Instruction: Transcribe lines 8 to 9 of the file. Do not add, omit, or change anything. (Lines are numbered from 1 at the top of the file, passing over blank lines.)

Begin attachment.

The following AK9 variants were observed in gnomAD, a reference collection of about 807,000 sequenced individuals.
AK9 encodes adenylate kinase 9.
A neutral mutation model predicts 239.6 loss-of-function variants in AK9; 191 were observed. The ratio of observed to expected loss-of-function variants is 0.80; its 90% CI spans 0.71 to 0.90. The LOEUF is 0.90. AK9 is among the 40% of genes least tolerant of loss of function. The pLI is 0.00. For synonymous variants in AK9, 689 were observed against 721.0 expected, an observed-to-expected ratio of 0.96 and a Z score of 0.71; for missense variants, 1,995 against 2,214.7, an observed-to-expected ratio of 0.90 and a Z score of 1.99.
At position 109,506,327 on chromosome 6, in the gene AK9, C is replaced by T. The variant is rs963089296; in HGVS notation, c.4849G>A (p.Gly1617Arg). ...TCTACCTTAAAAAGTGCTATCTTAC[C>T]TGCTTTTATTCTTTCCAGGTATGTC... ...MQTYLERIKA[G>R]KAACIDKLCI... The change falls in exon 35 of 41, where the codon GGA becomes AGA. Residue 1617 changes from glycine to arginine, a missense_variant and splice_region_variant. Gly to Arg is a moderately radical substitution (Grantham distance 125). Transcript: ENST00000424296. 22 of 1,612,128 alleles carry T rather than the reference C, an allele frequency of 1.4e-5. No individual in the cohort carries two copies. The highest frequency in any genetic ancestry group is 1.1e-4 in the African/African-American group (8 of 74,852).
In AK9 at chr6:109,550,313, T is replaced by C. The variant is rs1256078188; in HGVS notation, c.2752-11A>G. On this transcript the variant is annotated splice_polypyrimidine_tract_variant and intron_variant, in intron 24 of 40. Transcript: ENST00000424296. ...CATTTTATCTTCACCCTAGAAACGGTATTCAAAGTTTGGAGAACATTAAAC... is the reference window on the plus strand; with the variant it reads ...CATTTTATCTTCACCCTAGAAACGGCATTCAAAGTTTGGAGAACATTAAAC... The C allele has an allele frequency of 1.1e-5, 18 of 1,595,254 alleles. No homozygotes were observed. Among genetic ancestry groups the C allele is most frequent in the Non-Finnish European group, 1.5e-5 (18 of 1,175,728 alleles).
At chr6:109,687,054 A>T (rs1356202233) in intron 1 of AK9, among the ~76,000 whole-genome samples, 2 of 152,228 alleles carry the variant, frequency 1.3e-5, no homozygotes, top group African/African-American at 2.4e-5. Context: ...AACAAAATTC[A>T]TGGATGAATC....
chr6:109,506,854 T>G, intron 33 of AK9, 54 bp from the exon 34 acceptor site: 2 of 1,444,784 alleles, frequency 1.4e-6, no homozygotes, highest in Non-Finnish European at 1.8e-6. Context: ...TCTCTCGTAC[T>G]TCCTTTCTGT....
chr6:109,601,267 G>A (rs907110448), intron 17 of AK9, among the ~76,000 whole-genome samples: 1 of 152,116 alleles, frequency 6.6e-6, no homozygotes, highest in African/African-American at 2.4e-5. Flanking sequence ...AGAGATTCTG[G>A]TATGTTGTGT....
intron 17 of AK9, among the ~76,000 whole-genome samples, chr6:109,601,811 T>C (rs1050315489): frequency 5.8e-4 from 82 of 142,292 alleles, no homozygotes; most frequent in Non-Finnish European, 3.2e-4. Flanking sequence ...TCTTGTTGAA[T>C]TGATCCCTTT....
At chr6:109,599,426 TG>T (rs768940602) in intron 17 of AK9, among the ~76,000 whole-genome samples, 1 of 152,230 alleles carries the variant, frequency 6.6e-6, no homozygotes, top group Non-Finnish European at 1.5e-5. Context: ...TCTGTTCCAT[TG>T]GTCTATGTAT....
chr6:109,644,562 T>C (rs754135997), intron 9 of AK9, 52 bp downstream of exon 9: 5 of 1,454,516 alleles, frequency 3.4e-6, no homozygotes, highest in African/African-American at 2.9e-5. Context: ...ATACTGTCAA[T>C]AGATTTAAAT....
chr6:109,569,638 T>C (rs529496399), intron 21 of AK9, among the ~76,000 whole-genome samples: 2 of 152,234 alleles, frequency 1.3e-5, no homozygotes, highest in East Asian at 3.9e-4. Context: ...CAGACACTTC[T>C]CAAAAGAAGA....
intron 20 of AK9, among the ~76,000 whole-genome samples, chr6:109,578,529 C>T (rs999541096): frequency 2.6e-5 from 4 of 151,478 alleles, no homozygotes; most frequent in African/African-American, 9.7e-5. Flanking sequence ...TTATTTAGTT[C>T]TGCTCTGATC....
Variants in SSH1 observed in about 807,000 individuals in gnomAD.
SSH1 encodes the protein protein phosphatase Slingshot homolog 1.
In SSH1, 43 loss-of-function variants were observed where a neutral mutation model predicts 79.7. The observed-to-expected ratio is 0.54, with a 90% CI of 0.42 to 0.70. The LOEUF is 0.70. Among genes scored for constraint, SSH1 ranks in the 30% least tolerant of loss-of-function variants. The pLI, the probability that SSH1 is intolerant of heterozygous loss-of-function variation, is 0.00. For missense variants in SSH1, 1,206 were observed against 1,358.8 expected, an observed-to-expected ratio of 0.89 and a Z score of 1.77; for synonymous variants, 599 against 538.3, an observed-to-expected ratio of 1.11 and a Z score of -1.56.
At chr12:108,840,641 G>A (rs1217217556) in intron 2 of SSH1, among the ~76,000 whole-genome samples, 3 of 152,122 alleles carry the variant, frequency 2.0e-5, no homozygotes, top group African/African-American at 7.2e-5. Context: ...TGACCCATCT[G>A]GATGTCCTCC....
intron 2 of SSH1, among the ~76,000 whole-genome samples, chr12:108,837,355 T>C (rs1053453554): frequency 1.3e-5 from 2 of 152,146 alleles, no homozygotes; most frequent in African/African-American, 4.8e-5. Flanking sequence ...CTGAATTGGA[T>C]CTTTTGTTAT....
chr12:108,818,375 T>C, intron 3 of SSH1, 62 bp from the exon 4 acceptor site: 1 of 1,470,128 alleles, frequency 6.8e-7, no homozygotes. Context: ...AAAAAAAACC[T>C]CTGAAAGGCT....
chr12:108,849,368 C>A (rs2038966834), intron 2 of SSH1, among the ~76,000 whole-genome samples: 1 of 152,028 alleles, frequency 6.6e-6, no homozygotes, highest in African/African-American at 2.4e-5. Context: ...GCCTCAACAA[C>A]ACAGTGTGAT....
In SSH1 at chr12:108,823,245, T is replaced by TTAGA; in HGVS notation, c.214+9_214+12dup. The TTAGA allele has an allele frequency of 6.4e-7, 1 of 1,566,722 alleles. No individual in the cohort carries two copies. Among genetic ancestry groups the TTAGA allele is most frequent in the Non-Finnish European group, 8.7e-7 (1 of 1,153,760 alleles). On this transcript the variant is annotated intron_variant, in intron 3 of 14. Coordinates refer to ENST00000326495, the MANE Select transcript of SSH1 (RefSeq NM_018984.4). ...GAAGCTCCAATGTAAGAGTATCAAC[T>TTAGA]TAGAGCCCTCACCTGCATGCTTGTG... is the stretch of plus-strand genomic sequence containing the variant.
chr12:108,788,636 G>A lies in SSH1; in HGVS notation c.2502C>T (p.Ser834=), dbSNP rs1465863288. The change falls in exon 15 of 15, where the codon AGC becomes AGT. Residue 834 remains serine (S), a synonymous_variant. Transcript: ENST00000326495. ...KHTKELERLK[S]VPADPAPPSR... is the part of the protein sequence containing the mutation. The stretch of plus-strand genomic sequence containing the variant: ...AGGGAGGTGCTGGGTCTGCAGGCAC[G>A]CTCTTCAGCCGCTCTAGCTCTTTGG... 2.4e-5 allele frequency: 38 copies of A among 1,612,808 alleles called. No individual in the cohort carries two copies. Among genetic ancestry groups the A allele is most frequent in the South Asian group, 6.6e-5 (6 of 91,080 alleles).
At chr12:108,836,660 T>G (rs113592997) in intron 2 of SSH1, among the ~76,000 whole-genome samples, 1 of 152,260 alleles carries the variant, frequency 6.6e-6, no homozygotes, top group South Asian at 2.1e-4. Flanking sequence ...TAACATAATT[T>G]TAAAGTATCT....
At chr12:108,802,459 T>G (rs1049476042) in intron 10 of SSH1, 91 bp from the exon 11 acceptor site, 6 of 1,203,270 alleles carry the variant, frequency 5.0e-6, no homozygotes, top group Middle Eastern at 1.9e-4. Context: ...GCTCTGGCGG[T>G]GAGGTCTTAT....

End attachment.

chr6:109,601,267 G>A (rs907110448), intron 17 of AK9, among the ~76,000 whole-genome samples: 1 of 152,116 alleles, frequency 6.6e-6, no homozygotes, highest in African/African-American at 2.4e-5. Flanking sequence ...AGAGATTCTG[G>A]TATGTTGTGT....
intron 17 of AK9, among the ~76,000 whole-genome samples, chr6:109,601,811 T>C (rs1050315489): frequency 5.8e-4 from 82 of 142,292 alleles, no homozygotes; most frequent in Non-Finnish European, 3.2e-4. Flanking sequence ...TCTTGTTGAA[T>C]TGATCCCTTT....